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Reading: Evaluation of Dissolved Chitosan for Suspended Solids Removal

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Evaluation of Dissolved Chitosan for Suspended Solids Removal

Authors:

S. Tsukuda ,

The Conservation Fund Freshwater Institute P.O. Box 1889, Shepherdstown, WV 25443 USA
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J. Davidson,

The Conservation Fund Freshwater Institute P.O. Box 1889, Shepherdstown, WV 25443 USA
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E. Adkins,

The Conservation Fund Freshwater Institute P.O. Box 1889, Shepherdstown, WV 25443 USA
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S. Summerfelt

The Conservation Fund Freshwater Institute P.O. Box 1889, Shepherdstown, WV 25443 USA
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Abstract

In a preliminary study conducted at The Conservation Fund Freshwater Institute (Shepherdstown, WV, USA), dissolved chitosan was added to a recirculating system to determine if the chitosan would coagulate particulate matter and consequently increase solids removal. The recirculating water became visibly clearer and the culture tank total suspended solids (TSS) concentration dropped from 10.7 to 2.9 mg/L within 2 hours after dosing had been initiated. However, fish showed symptoms of distress and the chitosan treatment was discontinued. In subsequent studies conducted to determine the particle capture mechanism associated with chitosan addition, effluent treated with dissolved chitosan was not returned to the system. The results of two jar test studies indicated that dissolved chitosan did not enhance particle capture by settling or by microscreen filtration when mixed with a fish culture system effluent containing * 10 mg/L of TSS. However, these jar tests indicated that an additional 44% of TSS could be removed from the water that had already passed through a microscreen filter if this water was treated by a mixing and settling step, even without addition of dissolved chitosan. Additional studies using small-scale fluidized-sand biofilters indicated that the reduction in TSS observed in our initial experiment was due to TSS capture in the fluidized sand biofilter. TSS concentrations were reduced from 5.1-7.4 mg/L at the biofilter inlet to 1.7-2.2 Ihg/L at the biofilter outlet. Thus, adding dissolved chitosan to water flowing into a fluidized-sand biofilter turned the biofilter into a novel type of upflow 'sludge blanket clarifier,' which appears to be both non-plugging and relatively simple to operate. In addition, dissolved chitosan did not change nitrification occurring within the fluidized-sand biofilter. Therefore, adding a coagulant (such as dissolved chitosan or a non-toxic polymer) to the flow entering a fluidized sand biofilter has the potential to create a unit process that reduces TSS while simultaneously treating dissolved wastes.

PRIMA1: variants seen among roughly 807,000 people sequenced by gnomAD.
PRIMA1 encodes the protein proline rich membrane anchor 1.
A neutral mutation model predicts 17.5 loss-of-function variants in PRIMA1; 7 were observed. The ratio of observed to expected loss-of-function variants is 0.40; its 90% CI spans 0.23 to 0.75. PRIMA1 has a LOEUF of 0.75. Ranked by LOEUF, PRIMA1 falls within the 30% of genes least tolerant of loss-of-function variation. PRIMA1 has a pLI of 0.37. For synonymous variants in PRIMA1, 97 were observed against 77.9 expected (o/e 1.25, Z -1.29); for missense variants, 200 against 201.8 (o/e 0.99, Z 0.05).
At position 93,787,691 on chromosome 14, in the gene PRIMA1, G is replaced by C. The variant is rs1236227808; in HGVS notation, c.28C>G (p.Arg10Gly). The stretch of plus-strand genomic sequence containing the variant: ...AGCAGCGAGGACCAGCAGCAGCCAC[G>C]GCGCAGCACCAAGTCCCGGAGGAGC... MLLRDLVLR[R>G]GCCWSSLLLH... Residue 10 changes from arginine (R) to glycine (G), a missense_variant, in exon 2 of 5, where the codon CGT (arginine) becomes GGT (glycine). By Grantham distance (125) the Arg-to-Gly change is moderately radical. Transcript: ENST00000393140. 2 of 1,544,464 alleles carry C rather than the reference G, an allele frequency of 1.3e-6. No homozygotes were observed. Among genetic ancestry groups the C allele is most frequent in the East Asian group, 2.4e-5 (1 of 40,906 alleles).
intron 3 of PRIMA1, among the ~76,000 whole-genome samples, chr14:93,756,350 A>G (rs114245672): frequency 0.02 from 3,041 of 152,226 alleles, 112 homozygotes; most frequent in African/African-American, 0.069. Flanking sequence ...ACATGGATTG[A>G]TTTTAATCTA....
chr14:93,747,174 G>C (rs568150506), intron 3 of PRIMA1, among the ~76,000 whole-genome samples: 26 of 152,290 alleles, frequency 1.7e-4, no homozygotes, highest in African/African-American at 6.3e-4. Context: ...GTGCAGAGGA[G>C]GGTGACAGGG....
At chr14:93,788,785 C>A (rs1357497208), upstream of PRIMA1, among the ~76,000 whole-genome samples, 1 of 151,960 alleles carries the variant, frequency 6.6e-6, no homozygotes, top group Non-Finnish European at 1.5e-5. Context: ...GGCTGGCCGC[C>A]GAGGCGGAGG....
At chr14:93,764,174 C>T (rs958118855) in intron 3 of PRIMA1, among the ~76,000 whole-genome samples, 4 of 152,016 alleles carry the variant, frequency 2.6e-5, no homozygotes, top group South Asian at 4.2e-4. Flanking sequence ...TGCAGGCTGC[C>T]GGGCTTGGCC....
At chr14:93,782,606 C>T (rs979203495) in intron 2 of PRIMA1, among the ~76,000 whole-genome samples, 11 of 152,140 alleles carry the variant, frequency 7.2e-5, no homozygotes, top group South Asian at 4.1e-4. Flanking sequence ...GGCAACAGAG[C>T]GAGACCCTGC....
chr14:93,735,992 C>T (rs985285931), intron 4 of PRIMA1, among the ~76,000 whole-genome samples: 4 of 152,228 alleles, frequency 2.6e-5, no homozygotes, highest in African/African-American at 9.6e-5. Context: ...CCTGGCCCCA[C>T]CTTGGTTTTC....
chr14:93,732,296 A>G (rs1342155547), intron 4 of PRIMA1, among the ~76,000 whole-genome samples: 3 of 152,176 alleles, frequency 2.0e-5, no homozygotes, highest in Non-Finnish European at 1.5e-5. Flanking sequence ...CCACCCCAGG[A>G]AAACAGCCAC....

How to Cite: Tsukuda, S., Davidson, J., Adkins, E. and Summerfelt, S., 2003. Evaluation of Dissolved Chitosan for Suspended Solids Removal. International Journal of Recirculating Aquaculture, 4. DOI: http://doi.org/10.21061/ijra.v4i1.1380
Published on 01 Jun 2003.
Peer Reviewed

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